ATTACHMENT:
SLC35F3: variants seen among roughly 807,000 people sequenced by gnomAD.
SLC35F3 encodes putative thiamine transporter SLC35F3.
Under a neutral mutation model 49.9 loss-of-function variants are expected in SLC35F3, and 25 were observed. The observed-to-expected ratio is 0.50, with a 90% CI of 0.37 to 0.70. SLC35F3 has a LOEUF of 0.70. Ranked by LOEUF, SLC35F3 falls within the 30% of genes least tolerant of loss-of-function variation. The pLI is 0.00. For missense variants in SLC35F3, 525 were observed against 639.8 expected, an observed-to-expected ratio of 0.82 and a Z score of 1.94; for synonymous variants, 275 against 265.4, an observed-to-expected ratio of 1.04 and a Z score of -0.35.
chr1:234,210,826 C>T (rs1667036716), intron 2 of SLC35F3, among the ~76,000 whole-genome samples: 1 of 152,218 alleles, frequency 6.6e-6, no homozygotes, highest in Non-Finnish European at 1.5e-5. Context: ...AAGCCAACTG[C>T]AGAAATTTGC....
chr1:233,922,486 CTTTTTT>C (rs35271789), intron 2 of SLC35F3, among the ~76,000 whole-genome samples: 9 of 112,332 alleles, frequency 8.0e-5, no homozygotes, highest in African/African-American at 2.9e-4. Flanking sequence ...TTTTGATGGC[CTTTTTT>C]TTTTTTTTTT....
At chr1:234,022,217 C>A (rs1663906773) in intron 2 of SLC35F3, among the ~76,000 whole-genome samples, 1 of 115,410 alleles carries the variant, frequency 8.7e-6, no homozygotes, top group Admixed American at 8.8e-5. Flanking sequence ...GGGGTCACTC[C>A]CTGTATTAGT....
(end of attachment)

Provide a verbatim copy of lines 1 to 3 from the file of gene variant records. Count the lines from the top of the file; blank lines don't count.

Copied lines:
SLC35F3: variants seen among roughly 807,000 people sequenced by gnomAD.
SLC35F3 encodes putative thiamine transporter SLC35F3.
Under a neutral mutation model 49.9 loss-of-function variants are expected in SLC35F3, and 25 were observed. The observed-to-expected ratio is 0.50, with a 90% CI of 0.37 to 0.70. SLC35F3 has a LOEUF of 0.70. Ranked by LOEUF, SLC35F3 falls within the 30% of genes least tolerant of loss-of-function variation. The pLI is 0.00. For missense variants in SLC35F3, 525 were observed against 639.8 expected, an observed-to-expected ratio of 0.82 and a Z score of 1.94; for synonymous variants, 275 against 265.4, an observed-to-expected ratio of 1.04 and a Z score of -0.35.